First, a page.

1. I have loved, because Jehovah shall hear the voice of my supplication. 2. Because he hath inclined his ear to me, and during my days I will call upon him. 3. The snares 1 of death compassed me, 2and the sorrows of the grave found me: 3 I found tribulation and grief. 4. And I will call upon the name of Jehovah; I beseech thee, O Jehovah! deliver my soul.
1. I have loved, because Jehovah will hear the voice of my supplication. At the very commencement of this psalm David avows that he was attracted with the sweetness of God's goodness, to place his hope and confidence in him alone. This abrupt mode of speaking, I have loved, is the more emphatic, intimating that he could receive joy and repose nowhere but in God. We know that our hearts will be always wandering after fruitless pleasures, and harassed with care, until God knit them to himself. This distemper David affirms was removed from him, because he felt that God was indeed propitious towards him. And, having found by experience that, in general, they who call upon God are happy, he declares that no allurements shall draw him away from God. When, therefore, he says, I have loved, it imports that, without God, nothing would be pleasant or agreeable to him. From this we are instructed that those who have been heard by God, but do not place themselves entirely under his guidance and guardianship, have derived little advantage from the experience of his grace.
The second verse also refers to the same subject, excepting that the latter clause admits of a very appropriate meaning, which expositors overlook. The phrase, during my days I will call upon him, is uniformly understood by them to mean, I, who hitherto have been so successful in addressing God, will pursue the same course all my life long. But it should be considered whether it may not be equally appropriate that the days of David be regarded as denoting a fit season of asking assistance, the season when he was hard pressed by necessity. I am not prevented from adopting this signification, because it may be said that the prophet employs the future tense of the verb arqa, ekra. In the first verse also, the term, he shall hear, is to be understood in the past tense, he has heard, in which case the copulative conjunction would require to be taken as an adverb of time, when, a circumstance this by no means unusual among the Hebrews. The scope of the passage will run very well thus: Because he has bowed his ear to me when I called upon him in the time of my adversity, and even at the season, too, when I was reduced to the greatest straits. If any are disposed to prefer the former exposition, I will not dispute the matter with them. The subsequent context, however, appears to countenance the latter meaning, in which David commences energetically to point out what those days were. And, with the design of magnifying God's glory according to its desert, he says that there was no way of his escaping from death, for he was like one among enemies, bound with fetters and chains, from whom all hope of deliverance was cut off. He acknowledges, therefore, that he was subjected to death, that he was overtaken and seized, so that escape was impossible. And as he declares that he was bound by the cords of death, so he, at the same the adds, that he fell into tribulation and sorrow. And here he confirms what he said formerly, that when he seemed to be most forsaken of God, that was truly the proper time, and the right season for him to give himself to prayer.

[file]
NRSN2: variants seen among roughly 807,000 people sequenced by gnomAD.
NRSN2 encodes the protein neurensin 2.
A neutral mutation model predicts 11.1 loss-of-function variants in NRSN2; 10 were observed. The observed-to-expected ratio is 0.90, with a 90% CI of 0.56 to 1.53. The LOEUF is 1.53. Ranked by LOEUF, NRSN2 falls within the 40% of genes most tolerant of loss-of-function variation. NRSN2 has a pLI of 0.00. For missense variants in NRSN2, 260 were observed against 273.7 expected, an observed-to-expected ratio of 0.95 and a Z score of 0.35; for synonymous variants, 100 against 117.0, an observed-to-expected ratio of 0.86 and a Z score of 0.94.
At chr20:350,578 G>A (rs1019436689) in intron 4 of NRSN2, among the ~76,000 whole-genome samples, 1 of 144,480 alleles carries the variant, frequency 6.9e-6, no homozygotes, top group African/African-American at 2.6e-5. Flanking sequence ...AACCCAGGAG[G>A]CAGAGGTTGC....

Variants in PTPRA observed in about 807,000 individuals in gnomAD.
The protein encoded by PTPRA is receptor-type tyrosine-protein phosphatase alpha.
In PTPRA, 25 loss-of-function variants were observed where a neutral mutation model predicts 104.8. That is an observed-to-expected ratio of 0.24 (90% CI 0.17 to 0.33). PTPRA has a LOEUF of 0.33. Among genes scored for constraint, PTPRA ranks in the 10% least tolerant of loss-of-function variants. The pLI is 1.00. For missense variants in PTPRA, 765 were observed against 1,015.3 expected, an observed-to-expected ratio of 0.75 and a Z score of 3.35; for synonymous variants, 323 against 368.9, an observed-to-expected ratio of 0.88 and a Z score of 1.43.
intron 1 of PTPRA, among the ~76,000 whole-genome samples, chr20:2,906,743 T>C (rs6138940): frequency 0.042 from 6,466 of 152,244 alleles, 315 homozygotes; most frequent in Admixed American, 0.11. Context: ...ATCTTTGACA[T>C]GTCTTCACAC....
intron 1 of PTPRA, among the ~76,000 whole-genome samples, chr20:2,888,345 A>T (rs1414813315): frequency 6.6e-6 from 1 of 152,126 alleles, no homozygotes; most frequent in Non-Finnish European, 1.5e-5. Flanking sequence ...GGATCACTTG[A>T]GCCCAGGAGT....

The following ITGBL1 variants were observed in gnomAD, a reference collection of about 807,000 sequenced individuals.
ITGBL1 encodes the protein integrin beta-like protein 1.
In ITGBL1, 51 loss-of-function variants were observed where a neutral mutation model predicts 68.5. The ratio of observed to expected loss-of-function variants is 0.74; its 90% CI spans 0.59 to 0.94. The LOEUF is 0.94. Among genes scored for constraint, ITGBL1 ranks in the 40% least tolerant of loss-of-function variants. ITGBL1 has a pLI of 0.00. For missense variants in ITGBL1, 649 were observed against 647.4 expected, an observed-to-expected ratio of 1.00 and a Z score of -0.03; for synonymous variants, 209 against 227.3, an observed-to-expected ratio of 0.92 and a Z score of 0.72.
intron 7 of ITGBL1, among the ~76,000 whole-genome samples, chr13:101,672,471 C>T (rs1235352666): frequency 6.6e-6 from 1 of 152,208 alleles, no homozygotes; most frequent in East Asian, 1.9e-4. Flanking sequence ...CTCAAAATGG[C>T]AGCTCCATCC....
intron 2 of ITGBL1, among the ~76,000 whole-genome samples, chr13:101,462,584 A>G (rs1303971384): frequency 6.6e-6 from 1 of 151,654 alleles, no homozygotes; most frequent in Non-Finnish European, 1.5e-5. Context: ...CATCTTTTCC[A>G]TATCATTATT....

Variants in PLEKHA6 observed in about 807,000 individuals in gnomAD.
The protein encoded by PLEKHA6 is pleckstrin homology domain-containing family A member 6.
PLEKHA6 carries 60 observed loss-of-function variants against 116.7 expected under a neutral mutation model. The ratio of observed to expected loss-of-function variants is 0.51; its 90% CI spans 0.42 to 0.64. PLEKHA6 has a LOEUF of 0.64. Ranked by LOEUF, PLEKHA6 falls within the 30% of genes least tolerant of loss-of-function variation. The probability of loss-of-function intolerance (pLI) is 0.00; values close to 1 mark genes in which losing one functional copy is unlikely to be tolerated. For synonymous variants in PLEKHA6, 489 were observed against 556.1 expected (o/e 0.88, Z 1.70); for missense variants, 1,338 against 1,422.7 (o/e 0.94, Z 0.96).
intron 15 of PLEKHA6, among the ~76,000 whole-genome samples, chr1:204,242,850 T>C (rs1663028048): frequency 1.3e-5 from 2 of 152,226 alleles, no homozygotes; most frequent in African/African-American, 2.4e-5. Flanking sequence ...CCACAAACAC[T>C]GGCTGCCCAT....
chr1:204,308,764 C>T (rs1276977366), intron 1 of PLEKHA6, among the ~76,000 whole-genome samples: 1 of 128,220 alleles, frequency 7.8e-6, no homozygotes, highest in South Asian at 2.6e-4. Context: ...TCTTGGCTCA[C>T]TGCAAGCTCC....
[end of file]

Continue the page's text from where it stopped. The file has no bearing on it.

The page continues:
"The nets of Hades had caught hold upon me;"
on which he has the following note: -- "Or, according to the usual meaning of rwu and rru, 'the pangs or pains of hell.' It is not impossible, indeed, that it should be derived from run; we might then render, 'The purveyors of Hades had found me:' and the imagery, at any rate, seems to be taken from the toils of the hunter. Michaelis would read ydwum, 'nets,' instead of yrwum, pangs; but it is very probable that, without any change, yrwum signifies some part of the apparatus of hunting. 'rum a strait, distress, angustia.' Psalm 118:5; 116:3; Lamentations 1:3. In which last text, Mr Lowth says that 'there is a metaphor from those that hunt a prey, which they drive into some strait and narrow passage, from whence there is no making an escape.'"